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Keywords:

  • adhesions;
  • kidney cancer;
  • prior abdominal surgery;
  • robotic partial nephrectomy;
  • robotics

Abstract

  1. Top of page
  2. Abstract
  3. INTRODUCTION
  4. PATIENTS AND METHODS
  5. RESULTS
  6. DISCUSSION
  7. CONCLUSIONS
  8. CONFLICT OF INTEREST
  9. REFERENCES

Study Type – Therapy (case series)

Level of Evidence 4

OBJECTIVE

  • • 
    To evaluate our experience with robotic partial nephrectomy in patients with previous abdominal surgery and evaluate the effect of previous abdominal surgery on perioperative outcomes. We also describe a technique for intraperitoneal access for patients with prior abdominal surgery utilizing the 8 mm robotic camera for direct-vision trocar placement.

PATIENTS AND METHODS

  • • 
    From a prospective cohort of 197 consecutive patients who underwent robotic renal surgery at a single academic institution, a total of 95 patients underwent transperitoneal robotic partial nephrectomy (RPN).
  • • 
    Patients with and without previous abdominal surgery were compared. Patients with prior abdominal surgery were subcategorized into two groups: upper midline or ipsilateral upper quadrant scar or lower abdominal, contralateral, or minimally-invasive scar.
  • • 
    Demographic and perioperative variables were compared between the surgery and no surgery groups. Access was obtained using a Veress needle or Hassan technique.
  • • 
    We utilized a technique of direct vision placement of the initial trocar on our 10 most recent cases, using an 8 mm robotic camera placed through the obturator of 12 mm clear-tipped trocar.
  • • 
    Lysis of adhesions was performed as needed to allow for placement of additional robotic ports.

RESULTS

  • • 
    A total of 95 patients underwent transperitoneal RPN, of which 41 (43%) had a history of prior abdominal surgery and six had upper midline or ipsilateral upper quadrant scars.
  • • 
    There were no statistically significant differences between patients with previous abdominal surgery and patients with no previous abdominal surgery in BMI (30.4 vs 29.4 kg/m2), median tumor size (2.5 cm vs 2.3), median total operative time (246 vs 250 min), median warm ischemia time (21 vs 16 min), median EBL (150 vs100 ml), clinical stage, transfusion rate, or complications.
  • • 
    A total of six patients underwent 7 previous upper midline or ipsilateral upper quadrant surgeries, including open cholecystectomy-2 patients (33%), open partial gastrectomy-2 patients (33%) and exploratory laparotomy-1 patient (17%).
  • • 
    Complications in this group were an enterotomy during lysis of adhesions that was repaired robotically without sequelae and a mesenteric hematoma during Veress needle placement. A total of 35 patients underwent 16 other prior abdominal surgeries, including abdominal hysterectomy-10 patients (29%), umbilical/inguinal hernia repair-9 patients (26%) and appendectomy-7 patients (20%). There were no access related injuries in the 10 cases in which the robotic 8 mm camera was used for initial trocar placement.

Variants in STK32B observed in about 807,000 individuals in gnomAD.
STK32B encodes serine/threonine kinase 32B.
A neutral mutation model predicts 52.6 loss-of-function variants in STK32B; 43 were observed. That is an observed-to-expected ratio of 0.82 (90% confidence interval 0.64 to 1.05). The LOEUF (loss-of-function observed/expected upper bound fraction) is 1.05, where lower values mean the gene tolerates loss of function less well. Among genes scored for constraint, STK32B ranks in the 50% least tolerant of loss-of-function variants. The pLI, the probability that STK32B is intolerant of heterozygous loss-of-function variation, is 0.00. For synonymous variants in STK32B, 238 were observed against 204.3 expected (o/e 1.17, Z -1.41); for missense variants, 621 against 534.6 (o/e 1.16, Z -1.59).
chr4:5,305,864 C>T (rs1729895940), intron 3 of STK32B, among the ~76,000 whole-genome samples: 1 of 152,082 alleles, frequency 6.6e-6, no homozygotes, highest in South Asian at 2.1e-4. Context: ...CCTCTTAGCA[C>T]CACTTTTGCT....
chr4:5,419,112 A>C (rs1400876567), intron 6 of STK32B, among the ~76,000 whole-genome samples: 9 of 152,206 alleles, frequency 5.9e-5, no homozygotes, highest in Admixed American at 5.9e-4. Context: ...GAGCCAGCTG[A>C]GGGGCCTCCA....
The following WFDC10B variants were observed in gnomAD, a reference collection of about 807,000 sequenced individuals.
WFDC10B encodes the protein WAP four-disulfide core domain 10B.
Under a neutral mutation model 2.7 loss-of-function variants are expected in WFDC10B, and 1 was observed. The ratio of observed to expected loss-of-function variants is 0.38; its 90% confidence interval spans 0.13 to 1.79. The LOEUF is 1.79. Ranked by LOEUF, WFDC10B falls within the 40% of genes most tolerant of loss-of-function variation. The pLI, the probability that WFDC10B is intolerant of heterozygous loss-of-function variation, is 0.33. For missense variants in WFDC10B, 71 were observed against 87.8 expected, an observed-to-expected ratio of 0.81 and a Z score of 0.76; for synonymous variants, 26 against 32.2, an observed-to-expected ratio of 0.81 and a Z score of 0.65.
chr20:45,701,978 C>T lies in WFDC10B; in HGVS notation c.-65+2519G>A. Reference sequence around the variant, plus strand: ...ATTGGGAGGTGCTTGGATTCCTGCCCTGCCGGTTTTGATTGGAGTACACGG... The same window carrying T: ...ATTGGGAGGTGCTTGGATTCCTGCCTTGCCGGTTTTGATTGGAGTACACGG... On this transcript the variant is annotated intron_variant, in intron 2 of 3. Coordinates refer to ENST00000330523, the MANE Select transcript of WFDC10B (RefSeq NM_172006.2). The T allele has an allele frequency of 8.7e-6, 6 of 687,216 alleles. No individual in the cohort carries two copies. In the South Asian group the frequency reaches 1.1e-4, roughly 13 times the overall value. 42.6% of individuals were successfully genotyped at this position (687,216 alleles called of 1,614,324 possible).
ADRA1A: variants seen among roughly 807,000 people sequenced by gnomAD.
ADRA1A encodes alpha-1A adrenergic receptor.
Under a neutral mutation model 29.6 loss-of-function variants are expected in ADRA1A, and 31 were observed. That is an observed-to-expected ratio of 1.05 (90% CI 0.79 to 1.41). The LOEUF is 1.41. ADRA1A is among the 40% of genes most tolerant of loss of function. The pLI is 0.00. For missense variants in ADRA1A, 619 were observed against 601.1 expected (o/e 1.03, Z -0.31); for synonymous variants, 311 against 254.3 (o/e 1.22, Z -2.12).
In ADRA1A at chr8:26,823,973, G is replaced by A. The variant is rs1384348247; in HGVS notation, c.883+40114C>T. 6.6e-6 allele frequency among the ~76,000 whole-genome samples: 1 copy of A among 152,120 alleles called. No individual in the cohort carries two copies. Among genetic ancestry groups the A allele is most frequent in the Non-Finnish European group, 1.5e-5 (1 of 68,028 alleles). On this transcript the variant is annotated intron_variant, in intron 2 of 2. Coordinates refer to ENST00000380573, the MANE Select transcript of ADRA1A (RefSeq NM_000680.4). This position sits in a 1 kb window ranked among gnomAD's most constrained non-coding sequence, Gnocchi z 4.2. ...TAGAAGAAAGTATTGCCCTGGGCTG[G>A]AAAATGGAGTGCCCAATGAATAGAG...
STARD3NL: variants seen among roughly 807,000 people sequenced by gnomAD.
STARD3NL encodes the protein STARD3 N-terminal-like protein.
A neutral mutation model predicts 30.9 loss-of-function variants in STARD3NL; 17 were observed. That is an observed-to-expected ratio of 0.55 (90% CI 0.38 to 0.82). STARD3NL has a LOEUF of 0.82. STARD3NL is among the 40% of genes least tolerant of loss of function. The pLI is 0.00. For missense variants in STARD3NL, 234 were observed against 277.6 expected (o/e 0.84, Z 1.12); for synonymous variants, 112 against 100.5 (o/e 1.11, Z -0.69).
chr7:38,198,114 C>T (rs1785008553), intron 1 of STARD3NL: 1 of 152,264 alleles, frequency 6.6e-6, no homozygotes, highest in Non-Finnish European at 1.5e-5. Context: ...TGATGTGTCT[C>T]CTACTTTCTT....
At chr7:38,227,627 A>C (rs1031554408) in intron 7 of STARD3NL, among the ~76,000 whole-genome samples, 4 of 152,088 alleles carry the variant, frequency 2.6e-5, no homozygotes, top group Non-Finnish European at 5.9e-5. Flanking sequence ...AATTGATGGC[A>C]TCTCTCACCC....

CONCLUSIONS

  • • 
    Transperitoneal robotic partial nephrectomy is feasible in the setting of prior abdominal surgery. The majority of these patients can have their procedure performed safely without an increase in complications.
  • • 
    Direct-vision intraperitoneal placement of initial trocar may be achieved by using an 8 mm robotic camera, without the need to switch between conventional and robotic cameras.

INTRODUCTION

  1. Top of page
  2. Abstract
  3. INTRODUCTION
  4. PATIENTS AND METHODS
  5. RESULTS
  6. DISCUSSION
  7. CONCLUSIONS
  8. CONFLICT OF INTEREST
  9. REFERENCES

Patients with a history of prior abdominal surgery are at an increased risk of intra-abdominal adhesions [1,2] which may complicate successful completion of transperitoneal laparoscopic or robotic procedures. Previous groups have evaluated the effect of prior abdominal surgery on transperitoneal laparoscopic upper tract procedures [3–7]. The impact of prior abdominal surgery on robotic prostatectomy has also been evaluated [8]. However, to our knowledge, the impact of previous abdominal surgery on robotic upper urinary tract procedures, such as robotic partial nephrectomy (RPN), has not been examined.

Partial nephrectomy is an established treatment for small renal masses less than 4 cm in size [9,10]. Laparoscopic partial nephrectomy (LPN) has demonstrated comparable cancer control and functional outcomes to open PN while potentially improving convalescence and perioperative outcomes [11–14]. However, LPN is technically challenging, requiring advanced laparoscopic skills for tumor excision and intracorporeal sutured reconstruction under the time constraints of warm ischemia. RPN has emerged as an alternative to LPN that may help with some of these technical challenges [15–21].

We evaluated the effect of previous abdominal surgery on perioperative outcomes in patients undergoing RPN via a transperitoneal approach. Using a large, prospectively collected database of RPN patients, we sought to answer the following questions:

  • 1) 
    What is the epidemiology of previous abdominal surgery at an experienced robotic center performing routine RPN?
  • 2) 
    What are the bowel and vascular complications associated with previous abdominal surgery during RPN?
  • 3) 
    What steps can be taken to minimize the morbidity of RPN in patients with previous abdominal surgery?